If a connection is lost in SQL Server 2005, how long can the connection be down before the miirror can no longer recover? is it based on transactions, amount of time? or can it always recover?
asked Jun 01, 2010 at 02:06 PM in Default
A snippets from MSDN
Loss of the mirror and the witness
Assume you have configured database mirroring with a witness. When the mirror is unavailable, the principal runs exposed. While the mirror is unavailable, if the witness is also lost, the principal becomes isolated and can’t service the clients. Even though the principal database is running, it is not available to the clients. If you attempt to connect to the database, you get the message “Database is enabled for database mirroring, but neither the partner nor witness server instances are available: the database cannot be opened.”
If the mirror or the witness cannot be brought back online quickly, then the only way to resume database service is to terminate the database mirroring session. To do this, you execute the following command after connecting to the master database of the principal server:
ALTER DATABASE SET PARTNER OFF
Note that you need to execute a SET PARTNER OFF command, and not a SET WITNESS OFF. SET WITNESS OFF will not work in this situation.
Once the mirror becomes available, you can re-establish the database mirroring session. The principal will start sending the log information to the mirror, and the mirror will eventually catch up. If you backed up the transaction log after terminating the database mirroring session, you need to restore the transaction log backup on the mirror before you can re-establish the database mirroring session. There is no need to do a full database backup / restore. Once the witness becomes available, you can join in the witness as well, but you have to establish the mirroring session with the mirror before the witness can join in.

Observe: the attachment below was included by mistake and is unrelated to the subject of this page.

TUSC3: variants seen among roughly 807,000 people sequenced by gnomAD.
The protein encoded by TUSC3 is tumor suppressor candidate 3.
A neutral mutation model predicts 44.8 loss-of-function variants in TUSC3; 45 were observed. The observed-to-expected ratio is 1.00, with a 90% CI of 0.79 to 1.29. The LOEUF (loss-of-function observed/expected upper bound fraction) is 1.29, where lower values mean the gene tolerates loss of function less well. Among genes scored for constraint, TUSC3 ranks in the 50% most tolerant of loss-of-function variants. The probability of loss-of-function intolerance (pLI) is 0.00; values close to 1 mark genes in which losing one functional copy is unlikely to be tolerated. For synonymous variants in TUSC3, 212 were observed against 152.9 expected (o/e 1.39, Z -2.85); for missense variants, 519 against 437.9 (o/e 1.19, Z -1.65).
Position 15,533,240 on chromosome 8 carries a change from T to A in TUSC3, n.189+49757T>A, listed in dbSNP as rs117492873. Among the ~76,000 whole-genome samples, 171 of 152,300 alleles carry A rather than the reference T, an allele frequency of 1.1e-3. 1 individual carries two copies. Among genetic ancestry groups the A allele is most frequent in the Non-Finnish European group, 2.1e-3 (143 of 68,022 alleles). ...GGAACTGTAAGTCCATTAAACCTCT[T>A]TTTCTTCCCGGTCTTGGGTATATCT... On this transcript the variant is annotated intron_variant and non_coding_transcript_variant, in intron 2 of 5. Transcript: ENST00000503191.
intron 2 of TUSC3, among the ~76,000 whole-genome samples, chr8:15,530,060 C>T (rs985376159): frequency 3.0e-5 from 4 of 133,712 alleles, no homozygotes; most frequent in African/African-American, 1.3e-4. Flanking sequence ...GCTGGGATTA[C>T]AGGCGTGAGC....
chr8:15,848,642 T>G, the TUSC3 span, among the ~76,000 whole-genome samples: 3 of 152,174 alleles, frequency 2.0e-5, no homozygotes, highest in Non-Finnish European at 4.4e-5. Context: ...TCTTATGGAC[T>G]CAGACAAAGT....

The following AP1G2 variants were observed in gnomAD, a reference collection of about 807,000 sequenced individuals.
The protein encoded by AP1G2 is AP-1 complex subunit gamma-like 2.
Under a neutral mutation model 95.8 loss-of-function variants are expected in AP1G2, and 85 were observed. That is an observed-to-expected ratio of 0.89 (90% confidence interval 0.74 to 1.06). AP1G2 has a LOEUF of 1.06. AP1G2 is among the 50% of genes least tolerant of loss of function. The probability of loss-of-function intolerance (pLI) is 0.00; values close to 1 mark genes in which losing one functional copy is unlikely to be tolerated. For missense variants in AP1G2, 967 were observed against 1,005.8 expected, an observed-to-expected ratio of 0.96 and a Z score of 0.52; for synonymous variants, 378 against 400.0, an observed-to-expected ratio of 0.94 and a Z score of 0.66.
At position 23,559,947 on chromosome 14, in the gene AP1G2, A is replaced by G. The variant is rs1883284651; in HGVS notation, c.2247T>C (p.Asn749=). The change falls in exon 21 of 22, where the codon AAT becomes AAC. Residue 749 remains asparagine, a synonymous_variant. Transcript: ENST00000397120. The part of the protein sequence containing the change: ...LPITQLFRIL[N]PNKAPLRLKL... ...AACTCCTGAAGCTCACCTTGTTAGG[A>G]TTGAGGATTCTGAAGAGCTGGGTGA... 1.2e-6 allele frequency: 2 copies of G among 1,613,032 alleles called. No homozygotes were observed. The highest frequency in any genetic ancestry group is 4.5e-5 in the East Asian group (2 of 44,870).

Also, TransLogs will not be truncated during this "state", therefore plan for log growth.
answered Jun 01, 2010 at 04:53 PM
What type of mirroring do you have? My experience with high performance is that as long as the principal has enough diskspace for logfiles, the principal is running. When the mirror is back, just resume the mirror connection. Note: depending on the amount of data to transfer, this will take some time. If you have a snapshot on the mirror and it's possible to drop this snapshot, do it! This will speed-up the synchronization. (create it afterwards)
Check the logfile on the principal after the databases are in sync. If the mirror was broken for some time, the logfile may be exploded.
answered Jun 02, 2010 at 07:45 AM
In my experience this is bound by hardware limits - ie disk space to keep all transactions locally while the mirror is offline. If you have the space then it is pretty robust and will restart the synch process when the mirror is back online. Obviously this will flood your network connection while its catching up so you might see some system performance drop - depending on how much 'slack' there is in your network when under normal loads.
answered Jun 08, 2011 at 01:49 AM